Listen to Episode 159 on PodBean, YouTube, Spotify, or wherever you listen to your favorite podcasts!
Some animals are so familiar and famous that it’s easy to forget how utterly strange they are. This episode, we discuss the relatives, ancient history, and big questions surrounding the evolution of Giraffes.
In the news
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Evolutionary patterns revealed by microscopic structures in bird eggshells
There are only two living members of the family Giraffidae: the antelope-shaped okapis, which inhabit certain forests of the Congo and which stand a perfectly reasonable 1.5 meters (5 feet) tall at the shoulder; and the preposterously proportioned giraffes, whose very long necks and even longer legs can hoist their heads nearly 5.8 meters (19 feet) off the ground.
So Long, Giraffes
Certainly the most famous feature of giraffes is their height, which – to reiterate – is ridiculous. They are by far the tallest living animals, and their bodies feature numerous adaptations to accommodate their unusual body shape, including enlarged bones, muscles, and ligaments in the neck, as well as specializations in their cardiovascular system to allow blood to flow efficiently and without issue along the full length of their neck and legs.
The question of why giraffes evolved such height has intrigued scientists for centuries. Numerous benefits might have nudged natural selection in that direction, including the ability to see farther across the landscape and the ability to access high-growing leaves beyond the reach of other herbivores. Their long necks are also great for efficient feeding – they can use their flexible necks to reach plenty of food without having to move their bodies much – and for violently bashing their heads into each other, most often during competition over mates or territory. Any of these factors, and others, are likely to have been important during the evolutionary history of giraffes.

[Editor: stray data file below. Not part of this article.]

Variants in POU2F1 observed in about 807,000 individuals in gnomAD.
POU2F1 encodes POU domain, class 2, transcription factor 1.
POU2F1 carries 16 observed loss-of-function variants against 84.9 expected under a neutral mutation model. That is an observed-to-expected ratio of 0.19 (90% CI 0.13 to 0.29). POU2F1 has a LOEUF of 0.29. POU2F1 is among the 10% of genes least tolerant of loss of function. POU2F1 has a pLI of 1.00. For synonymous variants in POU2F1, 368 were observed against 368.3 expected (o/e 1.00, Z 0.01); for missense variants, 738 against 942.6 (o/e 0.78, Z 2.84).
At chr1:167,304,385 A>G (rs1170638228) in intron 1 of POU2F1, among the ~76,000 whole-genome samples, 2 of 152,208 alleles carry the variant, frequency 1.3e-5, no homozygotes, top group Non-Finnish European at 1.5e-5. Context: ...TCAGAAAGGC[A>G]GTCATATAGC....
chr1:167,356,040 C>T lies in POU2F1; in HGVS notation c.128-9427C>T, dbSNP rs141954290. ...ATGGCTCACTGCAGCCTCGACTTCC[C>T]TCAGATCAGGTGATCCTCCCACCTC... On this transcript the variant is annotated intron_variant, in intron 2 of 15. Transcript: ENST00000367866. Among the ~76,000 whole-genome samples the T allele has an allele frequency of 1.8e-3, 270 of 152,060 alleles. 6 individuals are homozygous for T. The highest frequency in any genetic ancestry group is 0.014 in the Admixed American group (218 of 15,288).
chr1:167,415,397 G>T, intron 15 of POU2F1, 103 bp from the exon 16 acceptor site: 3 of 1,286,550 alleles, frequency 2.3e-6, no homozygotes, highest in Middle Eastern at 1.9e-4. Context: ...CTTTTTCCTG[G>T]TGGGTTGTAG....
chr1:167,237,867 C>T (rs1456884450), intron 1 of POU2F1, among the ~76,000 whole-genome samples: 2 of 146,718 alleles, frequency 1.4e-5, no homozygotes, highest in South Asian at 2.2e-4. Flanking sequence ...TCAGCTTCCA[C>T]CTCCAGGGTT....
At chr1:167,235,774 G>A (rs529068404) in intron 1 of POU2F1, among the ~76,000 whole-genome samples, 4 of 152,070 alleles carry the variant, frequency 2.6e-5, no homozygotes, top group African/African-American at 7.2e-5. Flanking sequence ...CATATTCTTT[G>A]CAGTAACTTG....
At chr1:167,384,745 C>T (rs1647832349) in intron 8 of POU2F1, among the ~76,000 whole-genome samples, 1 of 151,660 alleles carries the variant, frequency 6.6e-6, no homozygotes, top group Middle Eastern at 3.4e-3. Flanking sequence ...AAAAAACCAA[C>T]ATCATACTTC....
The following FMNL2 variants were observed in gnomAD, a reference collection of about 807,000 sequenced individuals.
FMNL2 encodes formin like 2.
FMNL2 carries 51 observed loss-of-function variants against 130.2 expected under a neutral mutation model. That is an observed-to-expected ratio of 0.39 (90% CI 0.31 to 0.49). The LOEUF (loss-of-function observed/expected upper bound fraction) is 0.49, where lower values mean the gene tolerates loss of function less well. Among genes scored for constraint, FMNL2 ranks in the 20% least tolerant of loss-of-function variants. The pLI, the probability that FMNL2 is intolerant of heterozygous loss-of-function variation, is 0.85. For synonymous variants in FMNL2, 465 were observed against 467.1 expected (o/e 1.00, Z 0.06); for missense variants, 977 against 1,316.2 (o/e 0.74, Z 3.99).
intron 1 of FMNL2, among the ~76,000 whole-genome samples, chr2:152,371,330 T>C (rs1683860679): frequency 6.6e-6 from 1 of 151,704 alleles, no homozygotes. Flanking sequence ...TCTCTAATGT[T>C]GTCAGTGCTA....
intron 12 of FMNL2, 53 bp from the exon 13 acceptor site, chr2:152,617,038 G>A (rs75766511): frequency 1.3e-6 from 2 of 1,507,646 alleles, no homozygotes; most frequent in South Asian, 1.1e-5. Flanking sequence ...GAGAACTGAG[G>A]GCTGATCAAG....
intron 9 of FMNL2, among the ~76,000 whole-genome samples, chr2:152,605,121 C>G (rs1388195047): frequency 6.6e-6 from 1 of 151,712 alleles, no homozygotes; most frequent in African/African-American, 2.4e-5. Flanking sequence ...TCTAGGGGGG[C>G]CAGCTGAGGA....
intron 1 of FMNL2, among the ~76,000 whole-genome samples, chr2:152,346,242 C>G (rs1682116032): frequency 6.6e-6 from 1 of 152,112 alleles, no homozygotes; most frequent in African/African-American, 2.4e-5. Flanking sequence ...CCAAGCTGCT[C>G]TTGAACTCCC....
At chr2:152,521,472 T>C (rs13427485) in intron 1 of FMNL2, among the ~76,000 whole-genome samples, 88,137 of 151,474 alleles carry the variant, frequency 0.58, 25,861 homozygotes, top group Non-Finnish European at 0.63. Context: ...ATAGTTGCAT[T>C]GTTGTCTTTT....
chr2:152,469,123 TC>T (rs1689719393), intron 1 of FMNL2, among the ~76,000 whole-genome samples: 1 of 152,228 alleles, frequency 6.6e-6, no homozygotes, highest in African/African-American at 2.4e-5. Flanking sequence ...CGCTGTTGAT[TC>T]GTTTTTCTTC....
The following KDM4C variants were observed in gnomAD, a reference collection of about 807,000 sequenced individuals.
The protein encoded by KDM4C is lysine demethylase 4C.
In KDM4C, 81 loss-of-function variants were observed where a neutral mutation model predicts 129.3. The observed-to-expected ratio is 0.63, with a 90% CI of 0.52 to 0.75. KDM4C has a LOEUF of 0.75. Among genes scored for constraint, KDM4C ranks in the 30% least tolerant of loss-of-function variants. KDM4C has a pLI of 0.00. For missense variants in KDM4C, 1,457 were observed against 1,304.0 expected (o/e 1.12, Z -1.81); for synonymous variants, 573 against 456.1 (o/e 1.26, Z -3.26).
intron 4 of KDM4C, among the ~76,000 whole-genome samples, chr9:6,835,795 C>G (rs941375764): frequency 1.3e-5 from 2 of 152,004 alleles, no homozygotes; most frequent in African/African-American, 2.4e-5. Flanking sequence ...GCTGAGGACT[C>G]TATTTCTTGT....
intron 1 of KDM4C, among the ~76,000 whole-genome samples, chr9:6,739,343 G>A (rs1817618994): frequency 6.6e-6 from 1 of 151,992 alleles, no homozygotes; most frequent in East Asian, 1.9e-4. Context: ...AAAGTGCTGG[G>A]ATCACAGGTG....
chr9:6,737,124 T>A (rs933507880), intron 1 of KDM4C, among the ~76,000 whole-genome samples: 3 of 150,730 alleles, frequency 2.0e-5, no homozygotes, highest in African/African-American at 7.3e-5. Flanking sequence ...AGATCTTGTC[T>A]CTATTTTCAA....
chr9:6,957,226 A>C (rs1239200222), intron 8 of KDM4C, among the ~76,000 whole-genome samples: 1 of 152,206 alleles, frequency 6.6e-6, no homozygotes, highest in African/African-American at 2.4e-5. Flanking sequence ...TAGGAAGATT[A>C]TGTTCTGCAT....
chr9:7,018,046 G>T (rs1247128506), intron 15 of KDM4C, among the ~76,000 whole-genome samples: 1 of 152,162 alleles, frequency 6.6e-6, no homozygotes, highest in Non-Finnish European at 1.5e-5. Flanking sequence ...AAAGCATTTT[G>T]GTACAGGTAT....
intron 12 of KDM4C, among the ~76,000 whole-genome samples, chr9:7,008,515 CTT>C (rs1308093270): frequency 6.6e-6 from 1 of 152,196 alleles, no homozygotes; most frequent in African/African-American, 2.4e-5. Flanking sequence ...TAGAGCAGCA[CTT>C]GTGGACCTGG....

And to complete the pun in this subsection header, giraffes and okapis are both experiencing population declines and are highly vulnerable to extinction due to the rapidly changing modern world.
Giraffes and okapis belong to a group called Pecora, the “horn-bearing” members of the even-toed hoofed mammals (artiodactyls), which also includes the likes of cows, sheep, deer, and pronghorns. The ancestors and ancient relatives of giraffes include a variety of mammals with flashy headgear distributed across Asia, Europe, and Africa during the Miocene and Pliocene Periods.
African giraffes as we know them appeared around seven million years ago, descended from Asian ancestors. Changing climates at that time gave rise to the widespread grasslands that modern giraffes inhabit.
Short-necked giraffe relative discovered in China
Seeing Quadruple? Discovering Four Giraffe Species
The Remarkable Cardiovascular System of Giraffes (technical, open access)
Giraffe neck evolution:
Why sauropods had long necks; and why giraffes have short necks (technical, open access)
Giraffe Stature and Neck Elongation: Vigilance as an Evolutionary Mechanism (technical, open access)
On the origin, evolution and phylogeny of giraffes (technical, paywall)
And here’s that article Will mentioned during the Patron question: How Many Atoms Do We Have In Common With One Another?
If you enjoyed this topic and want more like it, check out these related episodes:
- Episode 47 – Early Synapsids (“Proto-Mammals”)
- Episode 66 – Elephants
- Episode 140 – Horns and Antlers
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Since you mentioned sauropod necks in the podcast, one of the more interesting articles on why giraffes have the necks they do has the amusing title: _Why Sauropods Had Long Necks; and Why Giraffes Have Short Necks_ https://peerj.com/articles/36/
It is, naturally, by two paleontologists who work on sauropods, Michael Taylor and Matt Wedel, from the blog svpow.com
For those who want something easier than the paper, there’s a nice talk on youtube:
Another close relative to giraffes and kin is the pronghorn found in the Americas!